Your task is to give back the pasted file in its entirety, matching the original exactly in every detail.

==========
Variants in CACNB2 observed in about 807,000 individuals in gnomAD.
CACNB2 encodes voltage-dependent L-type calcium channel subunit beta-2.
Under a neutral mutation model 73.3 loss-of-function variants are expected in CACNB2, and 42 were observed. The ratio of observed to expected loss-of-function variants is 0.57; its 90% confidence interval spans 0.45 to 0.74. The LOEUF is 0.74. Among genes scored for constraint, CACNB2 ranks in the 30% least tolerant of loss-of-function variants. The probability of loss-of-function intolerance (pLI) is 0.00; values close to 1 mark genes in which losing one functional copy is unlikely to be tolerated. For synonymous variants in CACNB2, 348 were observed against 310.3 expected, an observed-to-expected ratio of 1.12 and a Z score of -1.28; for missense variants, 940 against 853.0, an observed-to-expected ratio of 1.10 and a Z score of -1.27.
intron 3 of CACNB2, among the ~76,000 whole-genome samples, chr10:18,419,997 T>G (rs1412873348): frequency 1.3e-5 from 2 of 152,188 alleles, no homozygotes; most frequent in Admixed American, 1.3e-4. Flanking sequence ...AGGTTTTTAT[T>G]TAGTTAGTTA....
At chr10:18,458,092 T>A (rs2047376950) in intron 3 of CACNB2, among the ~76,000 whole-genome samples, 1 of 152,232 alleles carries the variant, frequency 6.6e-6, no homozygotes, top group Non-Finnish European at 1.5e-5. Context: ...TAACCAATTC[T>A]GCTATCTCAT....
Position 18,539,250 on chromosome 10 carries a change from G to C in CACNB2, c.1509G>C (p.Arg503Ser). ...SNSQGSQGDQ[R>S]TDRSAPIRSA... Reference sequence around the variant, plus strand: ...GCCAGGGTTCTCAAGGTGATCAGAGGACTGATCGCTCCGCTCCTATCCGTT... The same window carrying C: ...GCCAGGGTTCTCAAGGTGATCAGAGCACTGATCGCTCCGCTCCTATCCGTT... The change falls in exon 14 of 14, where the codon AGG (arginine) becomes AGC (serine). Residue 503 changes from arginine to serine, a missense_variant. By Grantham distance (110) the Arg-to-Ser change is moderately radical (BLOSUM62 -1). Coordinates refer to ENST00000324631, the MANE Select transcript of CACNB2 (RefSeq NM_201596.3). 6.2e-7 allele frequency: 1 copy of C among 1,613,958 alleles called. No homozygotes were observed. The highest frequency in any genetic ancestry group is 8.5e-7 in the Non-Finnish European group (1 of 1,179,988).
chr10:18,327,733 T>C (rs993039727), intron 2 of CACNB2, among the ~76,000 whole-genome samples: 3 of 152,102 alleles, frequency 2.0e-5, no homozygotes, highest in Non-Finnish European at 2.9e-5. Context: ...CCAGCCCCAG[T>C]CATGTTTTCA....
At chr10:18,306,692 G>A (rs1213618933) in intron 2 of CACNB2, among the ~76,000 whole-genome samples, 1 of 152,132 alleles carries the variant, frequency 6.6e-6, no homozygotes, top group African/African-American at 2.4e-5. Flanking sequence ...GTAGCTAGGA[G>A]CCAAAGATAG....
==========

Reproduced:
Variants in CACNB2 observed in about 807,000 individuals in gnomAD.
CACNB2 encodes voltage-dependent L-type calcium channel subunit beta-2.
Under a neutral mutation model 73.3 loss-of-function variants are expected in CACNB2, and 42 were observed. The ratio of observed to expected loss-of-function variants is 0.57; its 90% confidence interval spans 0.45 to 0.74. The LOEUF is 0.74. Among genes scored for constraint, CACNB2 ranks in the 30% least tolerant of loss-of-function variants. The probability of loss-of-function intolerance (pLI) is 0.00; values close to 1 mark genes in which losing one functional copy is unlikely to be tolerated. For synonymous variants in CACNB2, 348 were observed against 310.3 expected, an observed-to-expected ratio of 1.12 and a Z score of -1.28; for missense variants, 940 against 853.0, an observed-to-expected ratio of 1.10 and a Z score of -1.27.
intron 3 of CACNB2, among the ~76,000 whole-genome samples, chr10:18,419,997 T>G (rs1412873348): frequency 1.3e-5 from 2 of 152,188 alleles, no homozygotes; most frequent in Admixed American, 1.3e-4. Flanking sequence ...AGGTTTTTAT[T>G]TAGTTAGTTA....
At chr10:18,458,092 T>A (rs2047376950) in intron 3 of CACNB2, among the ~76,000 whole-genome samples, 1 of 152,232 alleles carries the variant, frequency 6.6e-6, no homozygotes, top group Non-Finnish European at 1.5e-5. Context: ...TAACCAATTC[T>A]GCTATCTCAT....
Position 18,539,250 on chromosome 10 carries a change from G to C in CACNB2, c.1509G>C (p.Arg503Ser). ...SNSQGSQGDQ[R>S]TDRSAPIRSA... Reference sequence around the variant, plus strand: ...GCCAGGGTTCTCAAGGTGATCAGAGGACTGATCGCTCCGCTCCTATCCGTT... The same window carrying C: ...GCCAGGGTTCTCAAGGTGATCAGAGCACTGATCGCTCCGCTCCTATCCGTT... The change falls in exon 14 of 14, where the codon AGG (arginine) becomes AGC (serine). Residue 503 changes from arginine to serine, a missense_variant. By Grantham distance (110) the Arg-to-Ser change is moderately radical (BLOSUM62 -1). Coordinates refer to ENST00000324631, the MANE Select transcript of CACNB2 (RefSeq NM_201596.3). 6.2e-7 allele frequency: 1 copy of C among 1,613,958 alleles called. No homozygotes were observed. The highest frequency in any genetic ancestry group is 8.5e-7 in the Non-Finnish European group (1 of 1,179,988).
chr10:18,327,733 T>C (rs993039727), intron 2 of CACNB2, among the ~76,000 whole-genome samples: 3 of 152,102 alleles, frequency 2.0e-5, no homozygotes, highest in Non-Finnish European at 2.9e-5. Context: ...CCAGCCCCAG[T>C]CATGTTTTCA....
At chr10:18,306,692 G>A (rs1213618933) in intron 2 of CACNB2, among the ~76,000 whole-genome samples, 1 of 152,132 alleles carries the variant, frequency 6.6e-6, no homozygotes, top group African/African-American at 2.4e-5. Flanking sequence ...GTAGCTAGGA[G>A]CCAAAGATAG....